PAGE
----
|Review: Pohjast - Der Turm|
Label: Black Devastation Records
Year released: 2012
Genre: Black Metal
Review online: February 26, 2012
Reviewed by: Memnarch
Der Turm is the brief, four track debut EP from Estonian/German outfit Põhjast. Among the personnel is ex-Loits Guitarist ‘Gates', a band who hold plenty of weight in their own country and peaked my own interest. Presumably this isn't really much more than a preview as to what's to come from this band in the near future and musically it's rooted firmly in the Norwegian style of harsh, glacial black metal drawn from the likes of early Enslaved and Immortal.
It's all rather straight forward as far as any Scandinavian black metal worship goes. The music is very riff-focused; the guitar tone is sharp and icy, piercing through each song and some of the riffs certainly wouldn't sound out of place on the likes of Frost or Battles in the North. The main riff from "Überwindung Fur Nichts" could easily have been lifted from any of Enslaved's early releases. The vocals are as you would expect, a dry rasp while serving their purpose don't harbour much in the way of variation. The title track is fairly pedestrian but where Põhjast really show some encouragement is on "Nichts zu Sagen", decidedly more Battles in the North than the rest, albeit slightly tamer, not helped by the rather too-clean subdued production. The thick riffing and hammering drums instil some much needed life into what would otherwise be a distinctly passable release. And the less said about the last track "Chiromantie" the better. Talk about disrupting the flow of the music completely, they've opted for a perplexing acoustic piece tacked on to the end which serves about as much purpose as an ashtray on a motorcycle. Completely mundane and out of place, just what was the point?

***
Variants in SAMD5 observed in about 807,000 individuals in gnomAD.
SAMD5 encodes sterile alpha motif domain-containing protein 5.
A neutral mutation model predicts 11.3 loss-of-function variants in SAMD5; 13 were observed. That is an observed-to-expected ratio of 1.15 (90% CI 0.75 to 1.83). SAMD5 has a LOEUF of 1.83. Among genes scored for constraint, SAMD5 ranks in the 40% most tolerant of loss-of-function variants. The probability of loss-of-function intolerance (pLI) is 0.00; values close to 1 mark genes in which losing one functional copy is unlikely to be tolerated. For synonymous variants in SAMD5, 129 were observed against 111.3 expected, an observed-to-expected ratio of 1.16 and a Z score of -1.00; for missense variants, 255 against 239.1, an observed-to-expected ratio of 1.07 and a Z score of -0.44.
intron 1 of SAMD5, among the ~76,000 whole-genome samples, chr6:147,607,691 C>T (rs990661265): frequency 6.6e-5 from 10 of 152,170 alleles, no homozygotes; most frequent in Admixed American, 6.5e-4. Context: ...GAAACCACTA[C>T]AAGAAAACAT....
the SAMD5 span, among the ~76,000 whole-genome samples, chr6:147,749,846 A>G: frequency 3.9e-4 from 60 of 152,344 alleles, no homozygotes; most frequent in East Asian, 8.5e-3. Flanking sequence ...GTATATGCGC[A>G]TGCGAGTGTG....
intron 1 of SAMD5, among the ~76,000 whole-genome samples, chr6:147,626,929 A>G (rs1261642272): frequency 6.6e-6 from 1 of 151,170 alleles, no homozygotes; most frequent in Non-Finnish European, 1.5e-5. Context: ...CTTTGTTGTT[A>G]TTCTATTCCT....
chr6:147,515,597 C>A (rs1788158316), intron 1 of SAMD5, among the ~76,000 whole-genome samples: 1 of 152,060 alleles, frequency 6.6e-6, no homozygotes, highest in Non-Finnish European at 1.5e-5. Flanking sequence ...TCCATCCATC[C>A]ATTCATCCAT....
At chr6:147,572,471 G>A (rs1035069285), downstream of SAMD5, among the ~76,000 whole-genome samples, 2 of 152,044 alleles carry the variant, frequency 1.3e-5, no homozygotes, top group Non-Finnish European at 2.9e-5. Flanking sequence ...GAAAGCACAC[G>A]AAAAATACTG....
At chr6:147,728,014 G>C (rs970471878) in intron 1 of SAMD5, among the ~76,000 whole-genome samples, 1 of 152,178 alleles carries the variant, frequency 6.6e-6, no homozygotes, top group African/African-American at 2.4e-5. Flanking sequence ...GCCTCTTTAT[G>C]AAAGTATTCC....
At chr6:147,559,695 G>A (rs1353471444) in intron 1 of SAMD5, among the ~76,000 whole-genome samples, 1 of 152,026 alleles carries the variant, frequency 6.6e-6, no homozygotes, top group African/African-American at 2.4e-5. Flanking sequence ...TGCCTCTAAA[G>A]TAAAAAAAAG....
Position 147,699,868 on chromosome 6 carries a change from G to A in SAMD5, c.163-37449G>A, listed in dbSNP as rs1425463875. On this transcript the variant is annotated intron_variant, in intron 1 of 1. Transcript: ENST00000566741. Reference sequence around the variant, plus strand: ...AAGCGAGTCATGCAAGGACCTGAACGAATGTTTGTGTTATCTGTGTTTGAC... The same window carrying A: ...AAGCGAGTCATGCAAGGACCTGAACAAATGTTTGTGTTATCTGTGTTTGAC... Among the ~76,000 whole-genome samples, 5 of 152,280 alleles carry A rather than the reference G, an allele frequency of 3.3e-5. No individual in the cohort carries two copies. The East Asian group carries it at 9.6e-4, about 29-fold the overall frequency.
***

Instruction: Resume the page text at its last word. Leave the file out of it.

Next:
Der Turm is a competent enough effort though it lacks a certain vigour and identity which is badly needed to inject a bit of vitality into proceedings. It's not that the music is poor, the song writing is decent and the instrumentation tight; it's just very formulaic and walks a well-trodden path we've all visited so many times before. Huge fans of early Norwegian black metal may well find something worth their time here, but for me I'll wait for a proper full length to fully pass judgement.
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